Squad is a multiplayer tactical first person shooter which emphasizes realism, teamwork and communication. An average game consists of finding a server, joining a squad, and immediately assisting that squad in their objectives.
To be successful in said squad, you must coordinate, communicate, and conquer. A squad which coordinates attacks, communicates by calling out spotted enemy positions, and conquers by applying efficient deadly force will vastly outperform a squad who does not.
Microphones are a necessity in Squad, which boasts an accurately simulated two way radio network. There are three networks in Squad. One, the command net, in which squad leaders can talk with other squad leaders. Two, the squad net, in which squads of 9 members can communicate with eachother. Finally, local net, in which any team member can speak with any nearby team member.
Because of this radio network, squad leaders often have the best idea of the current happenings in a battlefield. It is up to squad leaders to coordinate their efforts. For example, it would behoove a squad leader to communicate to other squad leaders the next action his squad will be taking, to prevent multiple squads from pooling resources on a single capture point when the state of the capture point only warrants one squad’s attention.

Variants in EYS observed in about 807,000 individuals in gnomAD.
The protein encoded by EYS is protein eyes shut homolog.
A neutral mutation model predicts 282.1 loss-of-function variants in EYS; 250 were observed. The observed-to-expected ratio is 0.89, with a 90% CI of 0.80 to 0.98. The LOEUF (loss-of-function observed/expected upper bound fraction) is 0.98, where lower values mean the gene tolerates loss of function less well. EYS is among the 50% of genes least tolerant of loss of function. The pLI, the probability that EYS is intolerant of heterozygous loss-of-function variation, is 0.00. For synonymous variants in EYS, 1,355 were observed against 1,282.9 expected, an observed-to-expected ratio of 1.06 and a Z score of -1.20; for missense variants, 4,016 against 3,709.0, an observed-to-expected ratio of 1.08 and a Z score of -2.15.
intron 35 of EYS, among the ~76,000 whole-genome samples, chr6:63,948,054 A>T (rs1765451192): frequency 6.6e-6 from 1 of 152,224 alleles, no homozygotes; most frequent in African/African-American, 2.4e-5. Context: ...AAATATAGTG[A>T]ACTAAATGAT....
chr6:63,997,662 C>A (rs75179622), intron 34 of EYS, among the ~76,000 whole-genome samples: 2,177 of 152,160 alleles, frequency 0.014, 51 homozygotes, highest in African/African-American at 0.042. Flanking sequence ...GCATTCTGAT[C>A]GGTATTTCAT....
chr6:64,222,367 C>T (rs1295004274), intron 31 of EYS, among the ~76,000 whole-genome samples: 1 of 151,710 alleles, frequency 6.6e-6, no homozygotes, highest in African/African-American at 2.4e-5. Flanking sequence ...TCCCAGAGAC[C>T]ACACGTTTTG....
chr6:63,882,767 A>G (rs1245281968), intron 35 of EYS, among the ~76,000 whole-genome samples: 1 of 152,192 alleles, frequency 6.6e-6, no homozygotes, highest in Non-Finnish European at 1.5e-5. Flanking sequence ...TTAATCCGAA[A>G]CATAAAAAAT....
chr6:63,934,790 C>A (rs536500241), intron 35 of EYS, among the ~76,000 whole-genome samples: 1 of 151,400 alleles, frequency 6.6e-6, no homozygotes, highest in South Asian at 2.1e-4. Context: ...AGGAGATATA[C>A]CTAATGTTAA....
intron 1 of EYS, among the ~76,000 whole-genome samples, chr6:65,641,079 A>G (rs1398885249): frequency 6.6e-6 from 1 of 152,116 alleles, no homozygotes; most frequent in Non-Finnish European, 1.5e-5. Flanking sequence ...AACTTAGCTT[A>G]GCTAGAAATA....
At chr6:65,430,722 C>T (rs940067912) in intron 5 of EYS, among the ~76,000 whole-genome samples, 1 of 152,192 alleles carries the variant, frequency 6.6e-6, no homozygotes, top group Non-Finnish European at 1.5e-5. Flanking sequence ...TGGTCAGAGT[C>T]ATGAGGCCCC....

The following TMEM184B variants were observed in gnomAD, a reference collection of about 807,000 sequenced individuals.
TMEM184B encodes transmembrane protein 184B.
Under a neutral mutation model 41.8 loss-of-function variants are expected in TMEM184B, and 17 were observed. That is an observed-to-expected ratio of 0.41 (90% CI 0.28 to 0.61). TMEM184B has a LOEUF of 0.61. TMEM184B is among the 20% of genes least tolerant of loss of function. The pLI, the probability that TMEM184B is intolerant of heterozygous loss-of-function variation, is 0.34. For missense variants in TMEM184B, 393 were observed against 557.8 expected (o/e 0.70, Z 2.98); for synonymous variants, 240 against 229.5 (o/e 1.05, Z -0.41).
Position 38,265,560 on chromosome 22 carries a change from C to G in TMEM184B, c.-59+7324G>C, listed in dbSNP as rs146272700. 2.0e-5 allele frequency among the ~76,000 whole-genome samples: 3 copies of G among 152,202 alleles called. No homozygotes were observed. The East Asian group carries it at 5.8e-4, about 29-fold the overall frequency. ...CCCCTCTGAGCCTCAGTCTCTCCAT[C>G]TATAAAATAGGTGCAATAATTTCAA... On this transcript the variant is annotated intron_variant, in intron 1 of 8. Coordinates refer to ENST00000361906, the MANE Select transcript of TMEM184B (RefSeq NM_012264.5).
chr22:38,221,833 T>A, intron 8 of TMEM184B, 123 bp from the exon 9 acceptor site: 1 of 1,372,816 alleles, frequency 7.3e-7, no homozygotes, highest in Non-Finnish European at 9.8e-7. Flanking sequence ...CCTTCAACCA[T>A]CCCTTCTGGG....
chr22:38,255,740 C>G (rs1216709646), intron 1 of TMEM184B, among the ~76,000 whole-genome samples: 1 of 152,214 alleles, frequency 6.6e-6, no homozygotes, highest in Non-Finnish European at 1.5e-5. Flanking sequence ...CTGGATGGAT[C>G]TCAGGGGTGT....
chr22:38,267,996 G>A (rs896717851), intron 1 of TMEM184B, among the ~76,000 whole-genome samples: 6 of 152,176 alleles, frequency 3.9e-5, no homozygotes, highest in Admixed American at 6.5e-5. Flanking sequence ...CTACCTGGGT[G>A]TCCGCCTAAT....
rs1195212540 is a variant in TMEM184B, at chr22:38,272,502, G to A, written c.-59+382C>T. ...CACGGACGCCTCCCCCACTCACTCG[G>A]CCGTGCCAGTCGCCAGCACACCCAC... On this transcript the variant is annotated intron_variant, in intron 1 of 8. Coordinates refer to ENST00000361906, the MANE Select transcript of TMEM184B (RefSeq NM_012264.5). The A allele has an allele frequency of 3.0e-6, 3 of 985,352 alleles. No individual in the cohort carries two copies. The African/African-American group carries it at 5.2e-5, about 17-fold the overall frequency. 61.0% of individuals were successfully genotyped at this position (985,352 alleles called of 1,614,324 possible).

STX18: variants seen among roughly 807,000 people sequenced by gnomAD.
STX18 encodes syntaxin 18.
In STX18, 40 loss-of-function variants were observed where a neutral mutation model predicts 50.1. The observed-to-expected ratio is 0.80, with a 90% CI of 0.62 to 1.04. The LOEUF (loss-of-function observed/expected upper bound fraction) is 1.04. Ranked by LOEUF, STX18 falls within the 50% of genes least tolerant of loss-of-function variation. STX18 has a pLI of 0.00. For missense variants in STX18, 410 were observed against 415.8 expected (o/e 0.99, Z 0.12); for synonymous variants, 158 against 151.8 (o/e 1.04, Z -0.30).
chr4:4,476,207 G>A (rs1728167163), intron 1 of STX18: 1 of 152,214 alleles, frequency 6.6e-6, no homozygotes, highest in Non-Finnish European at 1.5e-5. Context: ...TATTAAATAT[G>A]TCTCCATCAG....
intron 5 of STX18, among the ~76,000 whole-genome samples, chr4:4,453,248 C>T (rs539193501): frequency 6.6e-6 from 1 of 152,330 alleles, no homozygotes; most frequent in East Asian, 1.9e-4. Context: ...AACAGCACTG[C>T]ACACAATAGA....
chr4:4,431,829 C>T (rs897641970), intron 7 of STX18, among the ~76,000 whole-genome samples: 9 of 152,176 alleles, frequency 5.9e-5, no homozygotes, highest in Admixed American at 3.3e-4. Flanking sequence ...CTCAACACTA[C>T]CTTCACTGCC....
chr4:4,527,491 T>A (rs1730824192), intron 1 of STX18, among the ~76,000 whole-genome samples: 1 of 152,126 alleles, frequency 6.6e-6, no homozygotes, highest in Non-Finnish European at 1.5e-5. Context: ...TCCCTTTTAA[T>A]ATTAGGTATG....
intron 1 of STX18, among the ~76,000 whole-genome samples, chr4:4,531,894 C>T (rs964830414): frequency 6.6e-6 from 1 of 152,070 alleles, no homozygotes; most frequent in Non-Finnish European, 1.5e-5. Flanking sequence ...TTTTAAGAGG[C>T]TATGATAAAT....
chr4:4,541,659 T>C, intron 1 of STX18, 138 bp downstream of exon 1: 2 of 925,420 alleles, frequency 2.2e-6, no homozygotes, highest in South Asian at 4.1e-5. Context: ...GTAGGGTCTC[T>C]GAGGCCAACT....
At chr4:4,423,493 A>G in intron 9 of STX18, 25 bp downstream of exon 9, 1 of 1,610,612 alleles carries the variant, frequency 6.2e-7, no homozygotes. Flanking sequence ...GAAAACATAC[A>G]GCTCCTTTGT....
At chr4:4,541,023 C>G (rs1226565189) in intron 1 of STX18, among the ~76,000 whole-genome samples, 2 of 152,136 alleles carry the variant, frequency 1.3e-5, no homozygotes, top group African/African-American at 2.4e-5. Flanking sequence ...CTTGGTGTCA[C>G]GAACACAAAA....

Squad is not an easy game to play. Squad contains realistic mortar cannons, dozens of small arms weapons, armored personnel carriers, supply and transport trucks, medic equipment, deployable heavy weaponry and defenses to name a few. Each of these game assets could require their own special training if one wanted to become proficient in each. It’s not uncommon for new players to be very poor Squad gamers until they have invested dozens of hours into learning the game.
Leading a squad is a meta game of it’s own. As a squad leader, you are responsible for 8 other gamers, all of which may have an idea of their own on how to lead the squad.
Squad Leader Rule #1. Do not take orders from squadmates.
As squad lead, it is your duty to issue orders. If you take even one order from a squad mate, you might as well hand squad leader over to that mate. If chain of command breaks down, your squad will spend more time on figuring out who’s boss than working to win the game. Respect the role as Squad leader. Lead or die.
Squad Leader Rule #2. Do not tolerate insubordination.
If you squad lead long enough, you will find players who dislike your leadership style. You will find players who ignore your orders. Although there are realistic elements in Squad, this is still a game, and nobody is forcing a player to be in your squad.